London Natural History Society The place for wildlife in London

London Natural History Society - The place for wildlife in London


Petty Whin (Genista anglica); photo by Steve Mellor

We’re pleased to announce that the regular Saturday field meetings at Bookham Commons are about to resume so do come along and explore this lovely site. The meetings are held on every second Saturday of the month – a very long-standing tradition! The first one will be on 12 March 2022. The group will assemble at Bookham railway station at 10.30 so there will be a chance to catch up with other members. Those who have visited before will know that you can then step straight off the platform onto the survey site so it’s very easy to reach. People are most welcome to explore as a group during the Saturday sessions or to work individually. We’d certainly love you to record species of interest that you find. Once we have re-established these sessions and have some regular attendees, we hope to form a working group and start to discuss survey projects that people might take on.

As you may remember from the report at the Society’s AGM, the three-year Life on the Edge project, funded by Natural England and Friends of Bookham Commons has already had a positive impact on the site and last year the nightingales returned. We’re therefore particularly delighted that there will be a walk on 9 July 2022 led by Ian Swinney, the National Trust Ranger, which will look at birds, dragonflies and butterflies and discuss the management of the site.

The plants of Bookham Commons have been well studied by Steve Mellor and his team so do look at our recent The London Naturalist for the results of the latest survey – a great resource for anyone wanting to know more about the plants at the site. During the 80 years that the LNHS has been surveying here, over 700 plant taxa have been recorded.

The plains at Bookham Commons are a particularly important habitat. These are wet meadows established over many years by grazing of common land and later by rabbits. Following the crash of rabbit populations, the short sward habitat quickly became overgrown. Recent Photo of Puss Moth larva by Mick MassiePhoto of Puss Moth (Cerura vinula) larva by Mick Massie
management by the National Trust involved removing some trees and scrub before reinstating cattle grazing. One plant that benefitted was the small native spiny shrub Petty Whin (Genista anglica, see photo by Steve Mellor), which was recorded here for the first time for over 30 years. For those not familiar with it, this species is a member of the Fabaceae – the Pea family – so it has the distinctive five-petalled flowers of that family with a wide upright standard petal, two wing petals and then two lower petals forming a keel. This particular species has hairless waxy green leaves and swollen pointed pods.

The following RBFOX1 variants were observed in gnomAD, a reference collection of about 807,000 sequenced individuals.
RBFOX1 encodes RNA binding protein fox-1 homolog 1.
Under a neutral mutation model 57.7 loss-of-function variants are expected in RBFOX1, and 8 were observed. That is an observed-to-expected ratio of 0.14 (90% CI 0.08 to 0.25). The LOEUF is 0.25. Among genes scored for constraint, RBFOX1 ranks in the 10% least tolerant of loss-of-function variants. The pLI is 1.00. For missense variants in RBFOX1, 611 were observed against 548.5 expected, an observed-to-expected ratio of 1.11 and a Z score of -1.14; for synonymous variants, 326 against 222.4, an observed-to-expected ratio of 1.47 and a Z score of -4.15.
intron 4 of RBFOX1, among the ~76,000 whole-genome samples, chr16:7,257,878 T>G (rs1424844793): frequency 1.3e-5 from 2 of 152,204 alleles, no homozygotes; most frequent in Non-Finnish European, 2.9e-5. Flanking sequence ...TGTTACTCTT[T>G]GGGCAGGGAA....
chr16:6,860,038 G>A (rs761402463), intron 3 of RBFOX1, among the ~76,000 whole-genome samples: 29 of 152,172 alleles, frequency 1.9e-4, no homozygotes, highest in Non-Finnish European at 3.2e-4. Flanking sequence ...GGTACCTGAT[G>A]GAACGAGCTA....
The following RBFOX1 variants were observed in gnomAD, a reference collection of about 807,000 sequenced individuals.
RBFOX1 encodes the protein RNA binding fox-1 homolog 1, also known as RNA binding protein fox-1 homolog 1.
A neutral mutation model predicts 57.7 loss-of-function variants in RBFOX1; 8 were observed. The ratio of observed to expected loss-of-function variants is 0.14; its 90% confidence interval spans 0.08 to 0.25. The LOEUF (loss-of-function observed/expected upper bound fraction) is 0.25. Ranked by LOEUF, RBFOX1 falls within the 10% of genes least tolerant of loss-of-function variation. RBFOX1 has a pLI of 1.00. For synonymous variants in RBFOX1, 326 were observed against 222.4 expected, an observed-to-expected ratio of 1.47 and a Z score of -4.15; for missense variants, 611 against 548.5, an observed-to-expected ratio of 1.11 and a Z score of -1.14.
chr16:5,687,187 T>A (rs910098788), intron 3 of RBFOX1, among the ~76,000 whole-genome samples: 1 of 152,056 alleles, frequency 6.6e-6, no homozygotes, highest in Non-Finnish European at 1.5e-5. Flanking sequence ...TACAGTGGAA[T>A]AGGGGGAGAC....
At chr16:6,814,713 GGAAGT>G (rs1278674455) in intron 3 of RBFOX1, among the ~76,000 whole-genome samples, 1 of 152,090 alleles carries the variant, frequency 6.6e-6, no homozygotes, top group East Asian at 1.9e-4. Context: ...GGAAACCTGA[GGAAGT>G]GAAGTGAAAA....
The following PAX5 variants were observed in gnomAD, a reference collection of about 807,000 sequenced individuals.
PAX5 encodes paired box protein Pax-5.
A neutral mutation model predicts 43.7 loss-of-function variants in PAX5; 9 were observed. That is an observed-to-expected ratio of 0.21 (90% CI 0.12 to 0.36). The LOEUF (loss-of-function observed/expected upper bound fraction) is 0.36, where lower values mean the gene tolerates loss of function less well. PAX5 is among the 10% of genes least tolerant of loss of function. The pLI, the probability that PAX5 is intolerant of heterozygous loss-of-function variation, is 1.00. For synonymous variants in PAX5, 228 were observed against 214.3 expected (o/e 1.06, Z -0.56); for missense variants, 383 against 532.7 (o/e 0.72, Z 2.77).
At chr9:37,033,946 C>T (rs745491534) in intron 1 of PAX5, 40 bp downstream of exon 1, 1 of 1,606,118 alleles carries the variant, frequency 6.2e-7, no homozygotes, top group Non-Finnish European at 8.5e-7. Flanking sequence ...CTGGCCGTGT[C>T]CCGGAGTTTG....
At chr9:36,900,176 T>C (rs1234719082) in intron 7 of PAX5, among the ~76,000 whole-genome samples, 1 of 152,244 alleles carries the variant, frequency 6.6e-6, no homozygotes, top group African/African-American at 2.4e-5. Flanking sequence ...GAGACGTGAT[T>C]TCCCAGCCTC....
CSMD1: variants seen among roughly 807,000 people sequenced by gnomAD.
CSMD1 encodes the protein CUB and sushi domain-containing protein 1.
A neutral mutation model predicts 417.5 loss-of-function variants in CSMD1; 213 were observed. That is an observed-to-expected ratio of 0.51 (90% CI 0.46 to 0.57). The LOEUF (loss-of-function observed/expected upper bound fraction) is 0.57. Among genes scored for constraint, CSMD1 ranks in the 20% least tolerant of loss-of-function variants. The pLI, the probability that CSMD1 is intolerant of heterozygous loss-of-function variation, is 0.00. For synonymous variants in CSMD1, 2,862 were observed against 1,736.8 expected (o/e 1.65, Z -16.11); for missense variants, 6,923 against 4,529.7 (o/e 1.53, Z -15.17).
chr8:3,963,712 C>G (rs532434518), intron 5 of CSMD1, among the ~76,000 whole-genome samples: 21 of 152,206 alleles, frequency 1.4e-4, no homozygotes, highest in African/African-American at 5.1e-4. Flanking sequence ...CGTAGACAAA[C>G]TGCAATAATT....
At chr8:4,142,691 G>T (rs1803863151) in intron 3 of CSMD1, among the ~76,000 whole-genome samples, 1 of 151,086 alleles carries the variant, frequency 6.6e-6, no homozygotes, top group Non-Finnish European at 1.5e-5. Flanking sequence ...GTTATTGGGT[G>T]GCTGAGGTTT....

The London Naturalist of 2021 also has a list of species of dragonflies and hoverflies compiled by Neil Anderson and Alan Prowse, respectively, as well as an account of recent bird records – also from Alan Prowse. These are all valuable additions to the survey. Many different taxonomic groups have been studied over the years, but there is still lots more work to be done. The caterpillar shown in the second photo (by Mick Massie) is that of the Puss Moth (Cerura vinula). It is quite a common species and is especially associated with dense woodland with its main food plants being Aspen and the various species of Willow and Poplar. It has a particularly spectacular tail fork with two long tips and red extendable flagellae that it waves about as a defensive strategy when it feels threatened.

We welcome accounts from other recorders at the site so do contact the Editor of The London Naturalist or the President if you are interested in writing a piece. We hope many of you will manage to visit this wonderful site over the course of 2022 and make your own contribution to the survey. The LNHS hopes that the next eighty years of survey work will be just as productive as the first eighty!

 (words by Maria Roberts)